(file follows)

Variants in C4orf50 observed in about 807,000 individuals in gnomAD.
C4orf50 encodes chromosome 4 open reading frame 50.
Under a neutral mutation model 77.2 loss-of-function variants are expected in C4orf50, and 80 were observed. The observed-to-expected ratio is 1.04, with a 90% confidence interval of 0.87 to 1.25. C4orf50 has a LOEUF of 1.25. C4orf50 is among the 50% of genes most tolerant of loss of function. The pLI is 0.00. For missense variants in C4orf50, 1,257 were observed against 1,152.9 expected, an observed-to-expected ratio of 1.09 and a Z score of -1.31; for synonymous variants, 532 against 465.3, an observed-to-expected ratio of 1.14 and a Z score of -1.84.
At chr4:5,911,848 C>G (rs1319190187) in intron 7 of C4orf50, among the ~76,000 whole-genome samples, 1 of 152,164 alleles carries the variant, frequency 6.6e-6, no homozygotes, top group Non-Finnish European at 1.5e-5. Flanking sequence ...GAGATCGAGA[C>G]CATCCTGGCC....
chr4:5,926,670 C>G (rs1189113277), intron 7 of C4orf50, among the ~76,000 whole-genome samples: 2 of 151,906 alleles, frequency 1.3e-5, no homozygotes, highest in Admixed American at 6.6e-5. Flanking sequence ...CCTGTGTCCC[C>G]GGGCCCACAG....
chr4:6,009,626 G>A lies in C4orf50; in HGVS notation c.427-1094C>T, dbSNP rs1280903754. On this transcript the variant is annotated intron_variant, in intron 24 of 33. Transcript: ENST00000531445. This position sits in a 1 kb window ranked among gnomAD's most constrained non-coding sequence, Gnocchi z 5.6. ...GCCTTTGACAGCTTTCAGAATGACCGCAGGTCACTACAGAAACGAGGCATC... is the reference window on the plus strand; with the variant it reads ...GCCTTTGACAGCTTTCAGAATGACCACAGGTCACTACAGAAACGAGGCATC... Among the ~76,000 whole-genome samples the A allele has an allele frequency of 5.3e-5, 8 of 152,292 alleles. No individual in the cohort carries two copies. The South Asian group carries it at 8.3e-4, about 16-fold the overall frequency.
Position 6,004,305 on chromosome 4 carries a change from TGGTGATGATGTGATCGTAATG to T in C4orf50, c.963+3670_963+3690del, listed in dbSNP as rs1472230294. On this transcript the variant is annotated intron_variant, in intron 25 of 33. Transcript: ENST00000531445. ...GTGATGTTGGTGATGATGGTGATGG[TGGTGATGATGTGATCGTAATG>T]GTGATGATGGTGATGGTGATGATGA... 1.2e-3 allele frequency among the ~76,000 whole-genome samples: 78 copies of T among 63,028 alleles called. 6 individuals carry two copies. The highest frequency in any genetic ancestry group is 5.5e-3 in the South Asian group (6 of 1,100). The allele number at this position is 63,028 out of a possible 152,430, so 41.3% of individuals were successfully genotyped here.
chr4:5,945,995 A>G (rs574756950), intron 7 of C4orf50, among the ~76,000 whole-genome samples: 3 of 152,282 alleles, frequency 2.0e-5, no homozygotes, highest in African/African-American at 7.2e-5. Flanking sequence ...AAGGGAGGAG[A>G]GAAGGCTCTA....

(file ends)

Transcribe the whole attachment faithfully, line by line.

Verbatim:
Variants in C4orf50 observed in about 807,000 individuals in gnomAD.
C4orf50 encodes chromosome 4 open reading frame 50.
Under a neutral mutation model 77.2 loss-of-function variants are expected in C4orf50, and 80 were observed. The observed-to-expected ratio is 1.04, with a 90% confidence interval of 0.87 to 1.25. C4orf50 has a LOEUF of 1.25. C4orf50 is among the 50% of genes most tolerant of loss of function. The pLI is 0.00. For missense variants in C4orf50, 1,257 were observed against 1,152.9 expected, an observed-to-expected ratio of 1.09 and a Z score of -1.31; for synonymous variants, 532 against 465.3, an observed-to-expected ratio of 1.14 and a Z score of -1.84.
At chr4:5,911,848 C>G (rs1319190187) in intron 7 of C4orf50, among the ~76,000 whole-genome samples, 1 of 152,164 alleles carries the variant, frequency 6.6e-6, no homozygotes, top group Non-Finnish European at 1.5e-5. Flanking sequence ...GAGATCGAGA[C>G]CATCCTGGCC....
chr4:5,926,670 C>G (rs1189113277), intron 7 of C4orf50, among the ~76,000 whole-genome samples: 2 of 151,906 alleles, frequency 1.3e-5, no homozygotes, highest in Admixed American at 6.6e-5. Flanking sequence ...CCTGTGTCCC[C>G]GGGCCCACAG....
chr4:6,009,626 G>A lies in C4orf50; in HGVS notation c.427-1094C>T, dbSNP rs1280903754. On this transcript the variant is annotated intron_variant, in intron 24 of 33. Transcript: ENST00000531445. This position sits in a 1 kb window ranked among gnomAD's most constrained non-coding sequence, Gnocchi z 5.6. ...GCCTTTGACAGCTTTCAGAATGACCGCAGGTCACTACAGAAACGAGGCATC... is the reference window on the plus strand; with the variant it reads ...GCCTTTGACAGCTTTCAGAATGACCACAGGTCACTACAGAAACGAGGCATC... Among the ~76,000 whole-genome samples the A allele has an allele frequency of 5.3e-5, 8 of 152,292 alleles. No individual in the cohort carries two copies. The South Asian group carries it at 8.3e-4, about 16-fold the overall frequency.
Position 6,004,305 on chromosome 4 carries a change from TGGTGATGATGTGATCGTAATG to T in C4orf50, c.963+3670_963+3690del, listed in dbSNP as rs1472230294. On this transcript the variant is annotated intron_variant, in intron 25 of 33. Transcript: ENST00000531445. ...GTGATGTTGGTGATGATGGTGATGG[TGGTGATGATGTGATCGTAATG>T]GTGATGATGGTGATGGTGATGATGA... 1.2e-3 allele frequency among the ~76,000 whole-genome samples: 78 copies of T among 63,028 alleles called. 6 individuals carry two copies. The highest frequency in any genetic ancestry group is 5.5e-3 in the South Asian group (6 of 1,100). The allele number at this position is 63,028 out of a possible 152,430, so 41.3% of individuals were successfully genotyped here.
chr4:5,945,995 A>G (rs574756950), intron 7 of C4orf50, among the ~76,000 whole-genome samples: 3 of 152,282 alleles, frequency 2.0e-5, no homozygotes, highest in African/African-American at 7.2e-5. Flanking sequence ...AAGGGAGGAG[A>G]GAAGGCTCTA....